CARLSBAD, Calif. — The weather held on a day that had threatened rain up until the morning of the inaugural World TeamTennis Celebrity All-Star Match at the Omni La Costa Resort & Spa, where a sold-out crowd was on hand to watch Team Bryan Brothers square off against Team Sharapova. Both teams were stacked with superstars from throughout WTT, including team coaches Mardy Fish of the New York Empire and James Blake, formerly of the San Diego Aviators.
Luke Jensen, 1993 French Open doubles champion and WTT’s New York Empire head coach, served as chair umpire, adding color to the already lively action on-court. A VIP crowd included two-time calendar Grand Slam legend Rod Laver, WTT co-owner Fred Luddy and WTT CEO Carlos Silva, and a number of notable names in the tennis world including Orange County Breakers coach Rick Leach, San Diego Aviators coach John Lloyd, Las Vegas Rollers coach Tim Blenkiron, Murphy Jensen, USC women’s tennis coach Alison Swain, Craig Kardon, Lornie Kuhle, Charlie Pasarell, and Bryan patriarch Wayne Bryan, among many others. Former World No. 5 Daniela Hantuchová served as the day’s on-court correspondent, who interviewed players following each set.
The deep history of tennis at La Costa wasn’t lost on the day’s participants—Sharapova reminisced about playing multiple WTA tournaments at the venue, and the Bryan brothers cited watching Davis Cup at La Costa in the 80s as their inspiration to first play tennis. Before play began, the event officially opened with a performance from Tom Higgenson, front man of the band Plain White T’s, who, accompanied by only his guitar, got a laugh from the audience starting his Grammy-winning hit “Hey There Delilah” with a tennis-spin, riffing “Hey There Maria” in honor of Sharapova.
The teams, with Team Sharapova coached by Sharapova herself in tandem with Fish, and Team Bryan Brothers with Blake at the helm, kicked off play with Women’s Doubles. Madison Keys and Taylor Townsend, playing for Team Bryan Brothers, faced off against Sharapova’s Coco Vandeweghe and Monica Puig. Team Bryan Brothers secured the first point of the day on a poach from lefty Townsend at net that skipped under the racket of Puig for a winner. Keys went on to hold in that first game with a deciding point after an error from Vandeweghe at the net. Vandeweghe served first for Team Sharapova and was broken after another deciding point, pushing team Bryan Brothers to an early lead at 2-0, and they never looked back.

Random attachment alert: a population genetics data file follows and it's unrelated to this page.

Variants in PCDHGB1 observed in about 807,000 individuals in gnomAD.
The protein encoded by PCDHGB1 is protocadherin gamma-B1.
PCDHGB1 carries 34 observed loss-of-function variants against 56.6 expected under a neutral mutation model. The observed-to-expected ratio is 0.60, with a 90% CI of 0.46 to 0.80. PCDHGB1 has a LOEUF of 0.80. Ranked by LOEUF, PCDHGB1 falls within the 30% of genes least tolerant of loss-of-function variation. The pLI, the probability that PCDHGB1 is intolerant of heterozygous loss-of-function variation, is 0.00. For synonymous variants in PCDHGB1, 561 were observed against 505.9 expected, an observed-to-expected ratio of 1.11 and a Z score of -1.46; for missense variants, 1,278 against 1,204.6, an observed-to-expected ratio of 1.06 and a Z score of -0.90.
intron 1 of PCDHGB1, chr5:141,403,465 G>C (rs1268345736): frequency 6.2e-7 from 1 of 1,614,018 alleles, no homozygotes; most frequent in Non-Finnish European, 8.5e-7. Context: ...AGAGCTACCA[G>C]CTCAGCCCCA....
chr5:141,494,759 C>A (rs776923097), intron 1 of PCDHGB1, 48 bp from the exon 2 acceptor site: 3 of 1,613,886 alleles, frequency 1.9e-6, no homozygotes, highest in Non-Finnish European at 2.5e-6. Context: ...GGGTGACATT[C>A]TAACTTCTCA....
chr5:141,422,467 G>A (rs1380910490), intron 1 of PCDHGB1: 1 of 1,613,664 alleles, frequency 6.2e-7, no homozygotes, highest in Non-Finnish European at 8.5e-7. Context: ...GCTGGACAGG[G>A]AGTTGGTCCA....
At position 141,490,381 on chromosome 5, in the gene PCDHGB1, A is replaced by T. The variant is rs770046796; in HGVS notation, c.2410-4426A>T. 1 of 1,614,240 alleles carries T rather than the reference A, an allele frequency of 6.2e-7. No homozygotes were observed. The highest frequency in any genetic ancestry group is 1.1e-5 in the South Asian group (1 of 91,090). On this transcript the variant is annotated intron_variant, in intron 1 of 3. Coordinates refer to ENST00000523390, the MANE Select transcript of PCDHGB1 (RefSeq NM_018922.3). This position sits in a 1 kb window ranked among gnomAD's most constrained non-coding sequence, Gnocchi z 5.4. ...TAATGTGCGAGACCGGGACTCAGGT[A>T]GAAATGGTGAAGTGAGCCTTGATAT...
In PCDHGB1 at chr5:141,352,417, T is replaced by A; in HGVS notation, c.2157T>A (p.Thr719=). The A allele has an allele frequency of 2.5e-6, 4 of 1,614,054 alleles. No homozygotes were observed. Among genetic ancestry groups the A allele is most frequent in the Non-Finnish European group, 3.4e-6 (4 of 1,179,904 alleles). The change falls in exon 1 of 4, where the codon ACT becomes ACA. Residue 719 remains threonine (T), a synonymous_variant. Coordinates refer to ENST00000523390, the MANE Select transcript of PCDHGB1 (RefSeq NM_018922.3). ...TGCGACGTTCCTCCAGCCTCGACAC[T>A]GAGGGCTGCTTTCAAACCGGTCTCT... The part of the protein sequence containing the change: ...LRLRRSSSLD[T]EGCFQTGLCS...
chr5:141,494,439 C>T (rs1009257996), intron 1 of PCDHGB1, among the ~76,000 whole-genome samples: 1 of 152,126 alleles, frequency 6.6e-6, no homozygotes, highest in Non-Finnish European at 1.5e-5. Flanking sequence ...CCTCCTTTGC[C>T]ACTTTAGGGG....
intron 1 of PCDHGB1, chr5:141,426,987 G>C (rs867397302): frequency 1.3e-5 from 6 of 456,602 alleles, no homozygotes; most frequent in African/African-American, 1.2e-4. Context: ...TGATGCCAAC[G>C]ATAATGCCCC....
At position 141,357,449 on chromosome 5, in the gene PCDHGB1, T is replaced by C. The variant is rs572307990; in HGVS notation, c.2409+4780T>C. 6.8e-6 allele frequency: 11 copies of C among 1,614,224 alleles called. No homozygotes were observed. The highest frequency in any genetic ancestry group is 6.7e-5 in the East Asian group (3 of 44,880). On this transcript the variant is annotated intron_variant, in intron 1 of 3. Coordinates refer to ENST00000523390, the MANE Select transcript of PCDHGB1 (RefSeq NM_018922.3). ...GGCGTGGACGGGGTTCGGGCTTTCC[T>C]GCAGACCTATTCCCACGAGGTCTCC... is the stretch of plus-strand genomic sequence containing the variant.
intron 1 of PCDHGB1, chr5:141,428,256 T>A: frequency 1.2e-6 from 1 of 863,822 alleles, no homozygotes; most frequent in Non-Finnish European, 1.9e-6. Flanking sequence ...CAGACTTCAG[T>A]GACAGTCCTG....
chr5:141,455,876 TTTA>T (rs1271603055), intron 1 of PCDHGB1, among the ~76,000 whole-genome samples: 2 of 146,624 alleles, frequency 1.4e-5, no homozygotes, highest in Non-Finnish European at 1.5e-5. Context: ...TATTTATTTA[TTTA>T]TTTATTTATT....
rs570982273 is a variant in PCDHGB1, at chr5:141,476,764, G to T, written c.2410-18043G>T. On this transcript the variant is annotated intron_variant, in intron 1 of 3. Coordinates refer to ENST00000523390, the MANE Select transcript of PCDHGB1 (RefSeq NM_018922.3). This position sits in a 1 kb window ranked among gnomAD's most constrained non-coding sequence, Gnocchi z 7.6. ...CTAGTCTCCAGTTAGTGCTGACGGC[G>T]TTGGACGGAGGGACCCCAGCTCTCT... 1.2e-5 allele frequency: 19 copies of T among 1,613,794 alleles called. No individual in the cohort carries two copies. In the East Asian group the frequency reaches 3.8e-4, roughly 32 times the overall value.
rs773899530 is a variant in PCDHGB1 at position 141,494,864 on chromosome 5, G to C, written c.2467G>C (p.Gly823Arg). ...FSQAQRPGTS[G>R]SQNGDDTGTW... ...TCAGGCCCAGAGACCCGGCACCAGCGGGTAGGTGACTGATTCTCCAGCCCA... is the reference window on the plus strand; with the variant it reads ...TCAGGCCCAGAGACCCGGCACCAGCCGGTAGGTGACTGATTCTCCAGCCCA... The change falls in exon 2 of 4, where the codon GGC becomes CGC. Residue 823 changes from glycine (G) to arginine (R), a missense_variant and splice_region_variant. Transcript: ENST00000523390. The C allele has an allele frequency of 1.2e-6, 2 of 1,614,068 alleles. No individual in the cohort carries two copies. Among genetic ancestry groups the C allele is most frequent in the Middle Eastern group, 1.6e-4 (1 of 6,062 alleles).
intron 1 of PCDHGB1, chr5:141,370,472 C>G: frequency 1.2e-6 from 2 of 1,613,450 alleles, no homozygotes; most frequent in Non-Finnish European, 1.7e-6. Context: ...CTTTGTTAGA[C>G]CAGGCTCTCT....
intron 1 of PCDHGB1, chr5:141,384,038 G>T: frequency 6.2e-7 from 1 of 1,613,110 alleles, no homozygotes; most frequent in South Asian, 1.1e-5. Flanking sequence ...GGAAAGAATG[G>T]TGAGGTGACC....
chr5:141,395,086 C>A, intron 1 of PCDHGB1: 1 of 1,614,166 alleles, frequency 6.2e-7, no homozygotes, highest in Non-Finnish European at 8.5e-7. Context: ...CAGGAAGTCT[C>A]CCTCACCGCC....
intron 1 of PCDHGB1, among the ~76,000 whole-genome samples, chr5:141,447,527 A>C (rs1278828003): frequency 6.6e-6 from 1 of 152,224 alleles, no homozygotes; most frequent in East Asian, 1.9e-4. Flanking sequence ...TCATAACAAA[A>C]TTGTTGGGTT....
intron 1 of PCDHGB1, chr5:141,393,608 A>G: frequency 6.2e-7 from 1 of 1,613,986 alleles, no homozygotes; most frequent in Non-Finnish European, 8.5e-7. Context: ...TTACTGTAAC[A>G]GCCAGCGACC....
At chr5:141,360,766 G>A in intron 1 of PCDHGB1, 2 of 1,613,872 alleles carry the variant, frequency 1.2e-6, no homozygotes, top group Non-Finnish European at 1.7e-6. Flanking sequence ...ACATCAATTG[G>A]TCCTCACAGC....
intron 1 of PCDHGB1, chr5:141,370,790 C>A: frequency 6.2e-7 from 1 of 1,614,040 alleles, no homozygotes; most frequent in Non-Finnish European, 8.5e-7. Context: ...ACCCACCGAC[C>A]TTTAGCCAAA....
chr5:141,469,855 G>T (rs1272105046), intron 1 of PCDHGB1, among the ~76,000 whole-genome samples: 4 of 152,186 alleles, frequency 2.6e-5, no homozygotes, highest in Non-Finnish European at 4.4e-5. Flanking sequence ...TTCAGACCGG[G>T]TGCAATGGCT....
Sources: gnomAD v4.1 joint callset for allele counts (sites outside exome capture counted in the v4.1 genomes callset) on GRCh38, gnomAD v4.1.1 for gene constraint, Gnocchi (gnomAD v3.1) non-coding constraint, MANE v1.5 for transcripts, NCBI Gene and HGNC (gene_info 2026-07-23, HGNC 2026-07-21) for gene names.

Townsend, showing the finesse and utter dominance that made her the 2018 WTT Female MVP, threw in a nasty slice drop shot to break Puig, and then delivered a volley winner to take the set, 5-0. Afterward, current World No. 13 Keys told Hantuchová, “My tactic was to listen to anything that Taylor said.”
With some room to make up on the scoreboard, Ryan Harrison served first for Team Sharapova with partner Vandeweghe, where they met Team Bryan Brothers’ Townsend, who returned to the court with partner Mike Bryan. Harrison got the first point on a volley error from Mike Bryan and went on to hold after a blistering 130mph serve, putting team Sharapova on the board. Mike Bryan served next, and when Vandeweghe hit a smash for a winner to win the first point on Mike Bryan’s serve it suggested a momentum shift, but Townsend put that notion to rest as she returned the favor on the second point with a spike that flew into the stands, and Mike Bryan went on to hold.
One of the unique elements of World TeamTennis is the coach’s ability to call time-out and make substitutions at any time during a set, and coaches took advantage of both during the Mixed Doubles set. First, Team Sharapova called a time-out in the third game before Vandeweghe served a deciding point, but after a quick chat followed by a long rally, Townsend sealed the break with a touch volley winner. Then, in a surprise move by Team Bryan Brothers in the following game, Vegas Rollers assistant coach and pop star Redfoo subbed in for Mike Bryan on Townsend’s serve. After an audible hint from Vandeweghe to Harrison to aim for Redfoo at net, Harrison complied, and though Redfoo got the volley, Harrison got there for the winner. However, Redfoo won the second point on a volley that passed Vandeweghe, thrilling the crowd with proof that he has the chops to hang for a bit with the pros.
As the set tightened, Mike Bryan returned to the game, replacing Redfoo, and held. The atmosphere was charged as Team Sharapova showed their grit. Vandeweghe gave a signature celebratory lawnmower after hitting an alley winner past the seemingly unstoppable Townsend, and held after drawing an error from Townsend to take the set score to a close 3-4, but Townsend then held to win the second set for Team Bryan Brothers, 5-3.
Team Bryan Brothers’ Keys dealt reigning Olympic gold medalist Puig an ace to hold in the first game of Women’s Singles, then broke Puig to quickly go up 2-0. However, Puig showed she was in it with a Townsend-worthy slice drop shot on Keys’ serve and went on to break Keys and put the set back on serve.